So if I flipped the sign on , then the crossed module of Lie algebras had a sign flip in the definition of its action. Then I’d need to check the short exact sequence given above. Now a morphism of algebras carries with it some coherence data relating the 2-ary brackets of its source and target, and one of these 2-ary brackets in the case of a crossed module arises from the action just mentioned. So if one just flips the sign on the appropriate bracket on one -algebra, then one might need to also flips sign on the bracket of the one at the other end of a morphism, and then the coherence data of the morphism definitely must also be tweaked.

Going back to the short exact sequence, the appropriate piece of coherence data for has a slightly out-of-place minus sign, so I could flip that no problems. In any case, is trivial (the relevant 2-ary bracket is zero so a sign flip does nothing) and somewhat subsidiary to the main proof. But the -algebra is set in stone, its brackets cannot be altered. The coherence data for could be tweaked with that extra sign flip, and things would be ok…for now.

But now I don’t just have a short exact sequence of -algebras, but a *split* short exact sequence: there’s a section that needs to be checked. If I follow through the consequences of of flipping the sign on through all the definitions, then at exactly this point I find *wouldn’t* be a morphism of -algebras. Everything else so far works by flipping signs judiciously, but the verification of a single coherence condition for breaks down. This condition is equation (5), in Definition 2.7 of BCSS:

This is a slight headache (and one has to replace all the s by s for everything that follows), but when I compare it to equations (3) and (4), namely

then I notice that the right hand side of these two equations looks like , whereas the left hand side of (5) looks like . This is not much to grasp hold of, but it looks slightly odd that the equations don’t quite follow a pattern, in which the term has a positive sign. Of course, a bunch of these functions are antisymmetric in their inputs, so perhaps some slight rearrangement could be done. But all the inputs in all three equations are in alphabetical order, which seems rather canonical.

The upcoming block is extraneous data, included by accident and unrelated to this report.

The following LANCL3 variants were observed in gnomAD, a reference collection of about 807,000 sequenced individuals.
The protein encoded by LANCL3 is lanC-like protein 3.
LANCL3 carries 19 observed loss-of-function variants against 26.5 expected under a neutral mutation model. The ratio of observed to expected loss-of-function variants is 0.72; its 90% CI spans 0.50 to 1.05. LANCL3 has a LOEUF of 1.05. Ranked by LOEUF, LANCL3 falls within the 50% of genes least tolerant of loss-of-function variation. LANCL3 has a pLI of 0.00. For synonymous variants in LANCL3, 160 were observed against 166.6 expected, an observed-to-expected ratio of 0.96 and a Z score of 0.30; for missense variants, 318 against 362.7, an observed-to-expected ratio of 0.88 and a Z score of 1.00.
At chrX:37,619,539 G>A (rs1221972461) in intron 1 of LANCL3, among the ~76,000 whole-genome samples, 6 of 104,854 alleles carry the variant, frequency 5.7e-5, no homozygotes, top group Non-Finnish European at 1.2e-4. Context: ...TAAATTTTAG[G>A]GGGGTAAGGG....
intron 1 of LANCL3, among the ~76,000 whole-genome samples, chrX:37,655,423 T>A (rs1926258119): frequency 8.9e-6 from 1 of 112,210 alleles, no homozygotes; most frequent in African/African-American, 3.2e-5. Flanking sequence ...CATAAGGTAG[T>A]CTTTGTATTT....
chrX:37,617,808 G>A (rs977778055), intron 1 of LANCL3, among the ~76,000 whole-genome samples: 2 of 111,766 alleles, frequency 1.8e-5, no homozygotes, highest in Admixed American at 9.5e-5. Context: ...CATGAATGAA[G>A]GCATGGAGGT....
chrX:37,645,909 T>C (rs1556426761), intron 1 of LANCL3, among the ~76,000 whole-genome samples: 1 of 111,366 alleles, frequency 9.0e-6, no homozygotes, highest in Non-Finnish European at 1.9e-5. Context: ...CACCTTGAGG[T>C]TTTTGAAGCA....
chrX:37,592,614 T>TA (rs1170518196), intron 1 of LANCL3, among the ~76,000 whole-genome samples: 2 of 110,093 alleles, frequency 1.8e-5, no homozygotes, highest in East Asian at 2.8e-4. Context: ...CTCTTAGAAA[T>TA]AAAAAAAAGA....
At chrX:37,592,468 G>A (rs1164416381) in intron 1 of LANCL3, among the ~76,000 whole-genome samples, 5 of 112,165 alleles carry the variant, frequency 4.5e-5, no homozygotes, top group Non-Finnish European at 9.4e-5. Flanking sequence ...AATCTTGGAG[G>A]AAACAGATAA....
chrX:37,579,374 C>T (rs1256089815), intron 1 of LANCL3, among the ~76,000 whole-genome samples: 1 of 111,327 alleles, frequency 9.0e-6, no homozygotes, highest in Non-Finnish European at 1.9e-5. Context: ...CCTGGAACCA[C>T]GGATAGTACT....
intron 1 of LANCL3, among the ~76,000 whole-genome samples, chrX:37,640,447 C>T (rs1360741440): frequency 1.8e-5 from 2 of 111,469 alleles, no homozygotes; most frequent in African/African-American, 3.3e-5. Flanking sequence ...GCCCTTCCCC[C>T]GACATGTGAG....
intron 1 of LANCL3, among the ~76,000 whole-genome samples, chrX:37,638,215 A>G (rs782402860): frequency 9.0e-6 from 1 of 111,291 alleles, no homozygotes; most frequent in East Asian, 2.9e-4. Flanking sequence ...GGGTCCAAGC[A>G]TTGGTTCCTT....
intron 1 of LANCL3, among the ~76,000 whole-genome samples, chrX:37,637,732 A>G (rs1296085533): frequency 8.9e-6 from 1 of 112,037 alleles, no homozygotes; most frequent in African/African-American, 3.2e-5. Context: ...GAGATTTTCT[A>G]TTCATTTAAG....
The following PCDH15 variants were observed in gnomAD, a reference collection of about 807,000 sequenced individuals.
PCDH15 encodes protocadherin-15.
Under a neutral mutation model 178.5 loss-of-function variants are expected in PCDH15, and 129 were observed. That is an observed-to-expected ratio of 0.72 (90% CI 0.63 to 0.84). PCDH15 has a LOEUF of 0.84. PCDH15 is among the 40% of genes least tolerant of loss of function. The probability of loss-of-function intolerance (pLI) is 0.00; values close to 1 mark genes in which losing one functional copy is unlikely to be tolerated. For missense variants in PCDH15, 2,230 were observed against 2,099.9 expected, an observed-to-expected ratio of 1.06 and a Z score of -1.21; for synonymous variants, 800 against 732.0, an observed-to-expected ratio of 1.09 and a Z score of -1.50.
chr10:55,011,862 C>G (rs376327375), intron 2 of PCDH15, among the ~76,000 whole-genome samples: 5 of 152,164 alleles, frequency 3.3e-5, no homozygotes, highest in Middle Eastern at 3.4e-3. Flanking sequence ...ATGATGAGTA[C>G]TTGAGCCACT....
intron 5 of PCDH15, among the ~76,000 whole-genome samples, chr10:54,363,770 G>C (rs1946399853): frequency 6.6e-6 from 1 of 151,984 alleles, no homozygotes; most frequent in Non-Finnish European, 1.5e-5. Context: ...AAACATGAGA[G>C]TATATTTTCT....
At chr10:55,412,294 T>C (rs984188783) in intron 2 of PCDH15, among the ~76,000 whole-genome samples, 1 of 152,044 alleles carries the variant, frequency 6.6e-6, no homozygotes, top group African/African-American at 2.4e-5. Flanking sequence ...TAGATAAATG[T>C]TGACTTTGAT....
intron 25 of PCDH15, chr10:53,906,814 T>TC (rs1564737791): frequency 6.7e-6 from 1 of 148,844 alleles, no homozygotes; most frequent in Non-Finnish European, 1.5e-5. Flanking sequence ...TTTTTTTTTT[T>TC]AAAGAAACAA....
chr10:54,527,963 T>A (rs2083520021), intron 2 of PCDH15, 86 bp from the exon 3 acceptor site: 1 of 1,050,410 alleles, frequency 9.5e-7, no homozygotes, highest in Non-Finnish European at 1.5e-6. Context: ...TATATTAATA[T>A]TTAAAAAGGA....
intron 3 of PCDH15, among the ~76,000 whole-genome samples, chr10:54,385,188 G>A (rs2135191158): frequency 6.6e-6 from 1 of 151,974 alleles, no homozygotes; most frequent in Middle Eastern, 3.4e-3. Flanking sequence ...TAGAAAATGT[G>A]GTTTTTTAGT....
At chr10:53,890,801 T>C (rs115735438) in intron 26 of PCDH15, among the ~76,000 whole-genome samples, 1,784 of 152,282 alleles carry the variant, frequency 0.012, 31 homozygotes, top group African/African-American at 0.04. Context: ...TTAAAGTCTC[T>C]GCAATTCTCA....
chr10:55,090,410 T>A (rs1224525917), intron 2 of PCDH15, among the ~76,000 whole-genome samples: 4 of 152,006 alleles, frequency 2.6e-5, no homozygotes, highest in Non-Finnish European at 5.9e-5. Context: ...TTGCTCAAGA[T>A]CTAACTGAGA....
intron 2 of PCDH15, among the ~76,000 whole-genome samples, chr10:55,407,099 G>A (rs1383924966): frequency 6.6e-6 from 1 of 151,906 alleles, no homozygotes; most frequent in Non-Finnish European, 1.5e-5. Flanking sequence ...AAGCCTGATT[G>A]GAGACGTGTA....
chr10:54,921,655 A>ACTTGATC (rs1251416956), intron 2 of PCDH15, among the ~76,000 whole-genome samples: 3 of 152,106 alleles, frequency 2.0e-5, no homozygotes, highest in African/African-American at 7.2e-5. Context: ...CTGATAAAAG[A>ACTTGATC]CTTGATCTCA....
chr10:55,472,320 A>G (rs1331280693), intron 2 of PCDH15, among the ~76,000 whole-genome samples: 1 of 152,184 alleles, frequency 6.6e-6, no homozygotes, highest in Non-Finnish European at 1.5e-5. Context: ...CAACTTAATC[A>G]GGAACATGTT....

Just on a lark, I thought I’d look at the paper HDA VI, since that is where all this stuff actually comes from. Then it turns out the definition of that third coherence condition, equation (5), for a morphism of 2-term -algebras is written completely differently:

The trivial notation shift can be ignored, what you should notice is that the terms can be rearranged to give the form as in (5) from BCSS, but then then the rest of the terms all collect to the other side, and we need to make use of antisymmetric properties to get all the arguments in alphabetical order.

And here, finally I strike gold. If I rearrange the third coherence condition from HDA VI, and get all the non- terms collected together and with the arguments in the right order… I get minus what is given in BCSS! The upshot is that the whole chain of definitions running downstream from are all dependent on getting the map of -algebras to be coherence, except as defined it *isn’t coherent using the definition in HDA VI*, which is the source text for this material. It’s also from Alissa Crans’ PhD thesis, where I trust that she did the necessary legwork appropriately, checking these nasty coherence conditions and their relations to other definitions of related objects.

Turning this argument around, to make coherent, we see that there is a chain of sign flips, namely of:

- in Lemma 5.7, leading to